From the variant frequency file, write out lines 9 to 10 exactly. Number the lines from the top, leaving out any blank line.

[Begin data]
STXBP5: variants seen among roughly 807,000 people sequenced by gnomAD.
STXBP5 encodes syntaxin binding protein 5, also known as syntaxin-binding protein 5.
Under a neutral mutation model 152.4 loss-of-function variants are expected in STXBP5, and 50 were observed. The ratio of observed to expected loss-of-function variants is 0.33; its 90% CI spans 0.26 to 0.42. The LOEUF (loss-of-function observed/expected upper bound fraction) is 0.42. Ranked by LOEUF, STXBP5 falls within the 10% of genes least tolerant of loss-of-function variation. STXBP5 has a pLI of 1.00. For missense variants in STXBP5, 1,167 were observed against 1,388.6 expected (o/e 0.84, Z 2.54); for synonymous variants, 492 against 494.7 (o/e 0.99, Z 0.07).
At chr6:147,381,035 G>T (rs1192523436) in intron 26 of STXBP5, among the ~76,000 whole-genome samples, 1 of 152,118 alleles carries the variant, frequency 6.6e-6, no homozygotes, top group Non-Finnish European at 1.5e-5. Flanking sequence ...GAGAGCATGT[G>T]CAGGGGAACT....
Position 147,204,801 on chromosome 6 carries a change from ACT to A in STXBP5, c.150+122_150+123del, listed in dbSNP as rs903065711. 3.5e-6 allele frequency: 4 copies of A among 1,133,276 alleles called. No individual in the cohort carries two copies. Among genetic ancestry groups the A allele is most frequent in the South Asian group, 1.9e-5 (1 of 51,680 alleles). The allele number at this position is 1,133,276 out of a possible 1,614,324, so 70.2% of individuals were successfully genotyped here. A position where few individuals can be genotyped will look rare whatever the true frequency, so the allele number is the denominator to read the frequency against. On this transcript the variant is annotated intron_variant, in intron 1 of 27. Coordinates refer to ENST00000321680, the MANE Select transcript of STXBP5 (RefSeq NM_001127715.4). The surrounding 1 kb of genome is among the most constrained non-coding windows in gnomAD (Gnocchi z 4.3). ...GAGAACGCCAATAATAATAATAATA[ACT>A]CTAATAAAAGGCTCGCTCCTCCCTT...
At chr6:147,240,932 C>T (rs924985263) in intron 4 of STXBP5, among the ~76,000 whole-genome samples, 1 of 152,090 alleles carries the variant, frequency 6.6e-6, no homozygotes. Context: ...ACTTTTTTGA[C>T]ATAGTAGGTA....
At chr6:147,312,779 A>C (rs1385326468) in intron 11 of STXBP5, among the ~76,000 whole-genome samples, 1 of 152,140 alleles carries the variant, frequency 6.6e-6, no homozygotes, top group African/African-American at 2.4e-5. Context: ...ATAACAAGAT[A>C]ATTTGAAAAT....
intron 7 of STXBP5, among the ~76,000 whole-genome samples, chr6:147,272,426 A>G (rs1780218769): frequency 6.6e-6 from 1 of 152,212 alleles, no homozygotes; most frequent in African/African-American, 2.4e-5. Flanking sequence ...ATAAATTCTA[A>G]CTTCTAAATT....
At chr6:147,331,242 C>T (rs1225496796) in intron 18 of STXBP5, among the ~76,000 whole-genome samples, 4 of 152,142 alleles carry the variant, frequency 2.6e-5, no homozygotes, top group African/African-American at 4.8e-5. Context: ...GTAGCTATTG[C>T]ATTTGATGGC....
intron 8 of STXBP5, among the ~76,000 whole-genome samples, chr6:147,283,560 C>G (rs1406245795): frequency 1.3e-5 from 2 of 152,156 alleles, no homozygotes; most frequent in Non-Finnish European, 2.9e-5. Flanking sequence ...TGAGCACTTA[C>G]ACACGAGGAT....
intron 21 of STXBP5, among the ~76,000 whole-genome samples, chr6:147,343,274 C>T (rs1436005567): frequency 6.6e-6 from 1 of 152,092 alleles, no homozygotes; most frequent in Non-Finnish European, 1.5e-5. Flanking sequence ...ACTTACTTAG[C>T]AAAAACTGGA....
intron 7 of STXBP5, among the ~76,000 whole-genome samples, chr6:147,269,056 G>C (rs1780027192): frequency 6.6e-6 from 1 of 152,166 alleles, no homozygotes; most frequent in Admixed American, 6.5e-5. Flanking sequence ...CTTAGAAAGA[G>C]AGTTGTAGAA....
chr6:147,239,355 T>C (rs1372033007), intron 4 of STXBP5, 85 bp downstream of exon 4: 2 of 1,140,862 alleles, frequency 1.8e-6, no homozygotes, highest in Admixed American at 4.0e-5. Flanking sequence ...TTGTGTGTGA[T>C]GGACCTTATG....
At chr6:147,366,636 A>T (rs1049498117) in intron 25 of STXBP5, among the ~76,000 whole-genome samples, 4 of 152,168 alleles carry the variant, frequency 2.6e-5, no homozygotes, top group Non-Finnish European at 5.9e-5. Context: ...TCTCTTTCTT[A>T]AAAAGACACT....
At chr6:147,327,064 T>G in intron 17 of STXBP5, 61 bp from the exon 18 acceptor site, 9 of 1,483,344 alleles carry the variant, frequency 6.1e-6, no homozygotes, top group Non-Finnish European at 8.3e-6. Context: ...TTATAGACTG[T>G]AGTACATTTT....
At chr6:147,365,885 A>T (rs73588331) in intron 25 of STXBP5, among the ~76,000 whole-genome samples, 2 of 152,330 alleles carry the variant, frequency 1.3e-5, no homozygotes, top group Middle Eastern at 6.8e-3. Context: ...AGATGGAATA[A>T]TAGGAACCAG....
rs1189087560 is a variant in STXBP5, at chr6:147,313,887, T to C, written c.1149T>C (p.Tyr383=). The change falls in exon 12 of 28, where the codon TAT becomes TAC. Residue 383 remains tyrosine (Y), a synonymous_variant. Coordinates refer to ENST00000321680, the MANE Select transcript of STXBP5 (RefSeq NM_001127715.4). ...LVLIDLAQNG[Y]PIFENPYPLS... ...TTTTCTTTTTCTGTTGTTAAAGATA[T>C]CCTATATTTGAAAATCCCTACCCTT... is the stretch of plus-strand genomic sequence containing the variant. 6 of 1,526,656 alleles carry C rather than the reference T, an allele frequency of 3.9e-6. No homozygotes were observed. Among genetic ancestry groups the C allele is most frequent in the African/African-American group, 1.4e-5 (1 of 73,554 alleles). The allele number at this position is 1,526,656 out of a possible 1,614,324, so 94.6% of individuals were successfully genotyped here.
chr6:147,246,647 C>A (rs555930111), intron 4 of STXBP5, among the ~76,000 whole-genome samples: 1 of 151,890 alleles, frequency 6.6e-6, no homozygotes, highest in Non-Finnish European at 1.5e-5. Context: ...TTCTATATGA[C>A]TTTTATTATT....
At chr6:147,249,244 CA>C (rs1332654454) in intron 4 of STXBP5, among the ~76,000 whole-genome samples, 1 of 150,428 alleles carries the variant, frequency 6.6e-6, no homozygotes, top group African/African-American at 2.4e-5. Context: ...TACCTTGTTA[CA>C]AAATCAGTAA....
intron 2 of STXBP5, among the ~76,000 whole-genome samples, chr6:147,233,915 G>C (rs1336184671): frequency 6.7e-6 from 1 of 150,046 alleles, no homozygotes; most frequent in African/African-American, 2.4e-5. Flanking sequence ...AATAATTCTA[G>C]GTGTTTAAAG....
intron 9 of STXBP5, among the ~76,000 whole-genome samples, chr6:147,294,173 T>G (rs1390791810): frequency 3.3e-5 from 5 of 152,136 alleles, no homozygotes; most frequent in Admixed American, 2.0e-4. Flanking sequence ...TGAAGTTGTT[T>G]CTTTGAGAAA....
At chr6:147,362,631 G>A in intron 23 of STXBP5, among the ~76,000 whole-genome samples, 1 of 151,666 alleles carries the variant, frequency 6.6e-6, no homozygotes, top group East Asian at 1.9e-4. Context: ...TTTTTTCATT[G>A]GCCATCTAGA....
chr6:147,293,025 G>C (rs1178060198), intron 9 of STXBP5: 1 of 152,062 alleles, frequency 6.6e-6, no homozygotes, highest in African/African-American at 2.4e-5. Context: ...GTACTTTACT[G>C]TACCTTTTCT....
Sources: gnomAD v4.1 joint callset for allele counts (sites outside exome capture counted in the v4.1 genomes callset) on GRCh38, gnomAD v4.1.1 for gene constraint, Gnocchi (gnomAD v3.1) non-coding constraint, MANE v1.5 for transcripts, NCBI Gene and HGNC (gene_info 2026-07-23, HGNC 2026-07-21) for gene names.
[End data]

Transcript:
At chr6:147,331,242 C>T (rs1225496796) in intron 18 of STXBP5, among the ~76,000 whole-genome samples, 4 of 152,142 alleles carry the variant, frequency 2.6e-5, no homozygotes, top group African/African-American at 4.8e-5. Context: ...GTAGCTATTG[C>T]ATTTGATGGC....
intron 8 of STXBP5, among the ~76,000 whole-genome samples, chr6:147,283,560 C>G (rs1406245795): frequency 1.3e-5 from 2 of 152,156 alleles, no homozygotes; most frequent in Non-Finnish European, 2.9e-5. Flanking sequence ...TGAGCACTTA[C>G]ACACGAGGAT....